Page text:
Epiphytic Fuchsias

Jim McKenney jimmckenney@jimmckenney.com
Thu, 13 Jul 2006 07:24:55 PDT
Joe Shaw asked about Fuchsia suitable to his Houston, Texas climate. 

Do you know the old Fuchisa triphylla hybrid called Gartenmeister Bonstedt?
This won't get you the sort of bragging rights that come with rarities such
as the wild forms of Fuchsia decidua and F. fulgens, but if you are looking
for a heat/humidity tolerant and very ornamental Fuchsia, a plant with real
├ęclat,  this is it. Superficially, it is similar to Fuchsia fulgens. 

In this area, rooted cuttings are commonly available in the late winter or
spring from dealers in bedding plants. 

I grow it as a pot plant; under those conditions it forms a roughly three
foot bush which begins to bloom in July (now). Our weather conditions are
not that much different from yours at this time of year: 90+ degrees F
during the day and 80 degrees F at night with suffocating humidity and often
no significant cool off. This Fuchsia can take those conditions well.

It will bloom from now into the new year, long after it has been brought in
for the winter. And it blooms profusely - there will be hundreds of flowers
in hanging clusters during the next five or six months. During the winter it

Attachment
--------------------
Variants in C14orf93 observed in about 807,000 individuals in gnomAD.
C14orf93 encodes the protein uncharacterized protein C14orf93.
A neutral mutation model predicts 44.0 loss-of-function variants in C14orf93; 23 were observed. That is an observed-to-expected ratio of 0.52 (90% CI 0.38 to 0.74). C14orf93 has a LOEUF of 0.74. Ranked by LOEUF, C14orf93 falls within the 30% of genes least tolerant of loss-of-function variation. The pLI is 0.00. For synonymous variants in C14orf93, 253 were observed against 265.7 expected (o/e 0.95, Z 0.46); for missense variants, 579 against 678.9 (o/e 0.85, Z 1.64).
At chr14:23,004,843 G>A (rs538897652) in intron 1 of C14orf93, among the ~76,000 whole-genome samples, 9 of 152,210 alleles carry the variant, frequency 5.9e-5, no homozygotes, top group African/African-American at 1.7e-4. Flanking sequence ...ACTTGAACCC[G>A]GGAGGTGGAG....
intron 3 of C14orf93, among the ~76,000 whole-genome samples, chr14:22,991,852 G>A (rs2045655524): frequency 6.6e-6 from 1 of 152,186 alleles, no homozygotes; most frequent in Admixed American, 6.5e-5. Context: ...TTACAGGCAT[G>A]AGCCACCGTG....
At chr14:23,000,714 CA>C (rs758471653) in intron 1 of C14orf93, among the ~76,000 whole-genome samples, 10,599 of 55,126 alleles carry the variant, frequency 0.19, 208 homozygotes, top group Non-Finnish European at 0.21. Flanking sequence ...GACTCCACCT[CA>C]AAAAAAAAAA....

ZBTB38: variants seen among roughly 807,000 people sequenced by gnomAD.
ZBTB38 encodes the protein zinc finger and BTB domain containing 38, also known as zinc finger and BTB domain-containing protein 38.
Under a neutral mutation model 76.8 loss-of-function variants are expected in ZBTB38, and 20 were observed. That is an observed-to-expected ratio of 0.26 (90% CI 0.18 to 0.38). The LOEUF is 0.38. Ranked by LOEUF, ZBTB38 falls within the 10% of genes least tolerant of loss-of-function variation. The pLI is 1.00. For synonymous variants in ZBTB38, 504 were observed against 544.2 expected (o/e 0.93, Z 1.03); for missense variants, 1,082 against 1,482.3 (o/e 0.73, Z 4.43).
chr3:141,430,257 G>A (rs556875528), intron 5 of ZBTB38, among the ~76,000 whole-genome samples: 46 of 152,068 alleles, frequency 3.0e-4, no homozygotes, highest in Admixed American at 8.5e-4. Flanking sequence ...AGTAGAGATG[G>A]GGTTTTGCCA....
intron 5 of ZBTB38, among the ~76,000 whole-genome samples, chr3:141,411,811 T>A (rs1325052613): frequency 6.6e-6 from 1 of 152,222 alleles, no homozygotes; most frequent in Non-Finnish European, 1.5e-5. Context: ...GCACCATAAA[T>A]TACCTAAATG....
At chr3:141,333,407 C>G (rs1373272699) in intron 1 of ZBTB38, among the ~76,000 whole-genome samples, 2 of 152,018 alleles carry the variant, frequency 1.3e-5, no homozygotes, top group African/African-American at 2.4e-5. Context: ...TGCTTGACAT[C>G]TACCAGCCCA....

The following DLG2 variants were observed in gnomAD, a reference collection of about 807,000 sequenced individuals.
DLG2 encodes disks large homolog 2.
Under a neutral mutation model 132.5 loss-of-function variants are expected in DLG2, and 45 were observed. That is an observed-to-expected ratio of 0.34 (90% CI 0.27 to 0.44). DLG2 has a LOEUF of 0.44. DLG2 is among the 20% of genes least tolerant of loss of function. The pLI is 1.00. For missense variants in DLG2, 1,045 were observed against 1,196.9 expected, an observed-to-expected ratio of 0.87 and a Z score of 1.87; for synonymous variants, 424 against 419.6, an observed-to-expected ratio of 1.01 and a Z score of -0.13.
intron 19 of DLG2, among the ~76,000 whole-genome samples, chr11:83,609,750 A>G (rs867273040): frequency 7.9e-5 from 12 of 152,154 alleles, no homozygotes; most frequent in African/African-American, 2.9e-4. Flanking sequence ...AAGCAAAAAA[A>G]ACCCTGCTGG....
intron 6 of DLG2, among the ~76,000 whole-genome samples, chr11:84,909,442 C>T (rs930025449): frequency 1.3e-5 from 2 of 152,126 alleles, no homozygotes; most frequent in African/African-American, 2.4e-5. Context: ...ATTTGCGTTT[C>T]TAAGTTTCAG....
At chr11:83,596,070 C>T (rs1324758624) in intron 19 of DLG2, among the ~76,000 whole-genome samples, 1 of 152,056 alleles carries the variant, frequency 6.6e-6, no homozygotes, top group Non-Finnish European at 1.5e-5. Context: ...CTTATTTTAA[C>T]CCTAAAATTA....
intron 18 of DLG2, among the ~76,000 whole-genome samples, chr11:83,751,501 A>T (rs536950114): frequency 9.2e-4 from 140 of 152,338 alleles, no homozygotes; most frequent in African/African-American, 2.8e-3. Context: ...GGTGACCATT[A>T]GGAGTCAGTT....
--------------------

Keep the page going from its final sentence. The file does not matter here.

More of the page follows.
loses most of its foliage - perhaps more in response to the dry household
conditions than to any natural growth cycle - and  I let it dry out
gradually and water it enough to keep it alive. It seems to be very
forgiving. There will sometimes be flowers long after most of the foliage
has fallen. After its winter rest it may require a bit of trimming to remove
dry, dead growth. 

It's also very ornamental. The flowers are about two inches long and
tubular, an odd shade of glowing red which is hard to photograph in my
experience. The individual flowers are superficially similar in size and
color to those of Lonicera sempervirens. Hummingbirds love it.

Incidentally, the foliage of this plant has a red-bronze flush against which
the flowers contrast beautifully. 
I seem to remember reading in a German gardening magazine that it can be
wintered by digging a pit, putting the plant in horizontally, and then
covering it completely. I have not tried this. I wouldn't be surprised if it
survived the winter here outside right against the house wall with a very
heavy mulch - but then you would lose the taller branches. You should have
no trouble bringing the crown of the plant through a winter in Houston,
although I'm not sure what will happen to the taller branches. 

During the summer it grows out on the deck with am eastern exposure; it gets
sun in the morning, bright indirect light for the rest of the day. 

But for this plant I would have given up on Fuchsia long ago. 

By all means save a spot for Fuchisa decidua and F. fulgens in the hope that
they will be available and grow for you. But in the meantime, give the
Gartenmeister a try. I doubt if you will be disappointed. 

Jim McKenney
Montgomery County, Maryland, USA, USDA zone 7, where the first flowers of
the year are appearing on Gartenmeister Bonstedt. 

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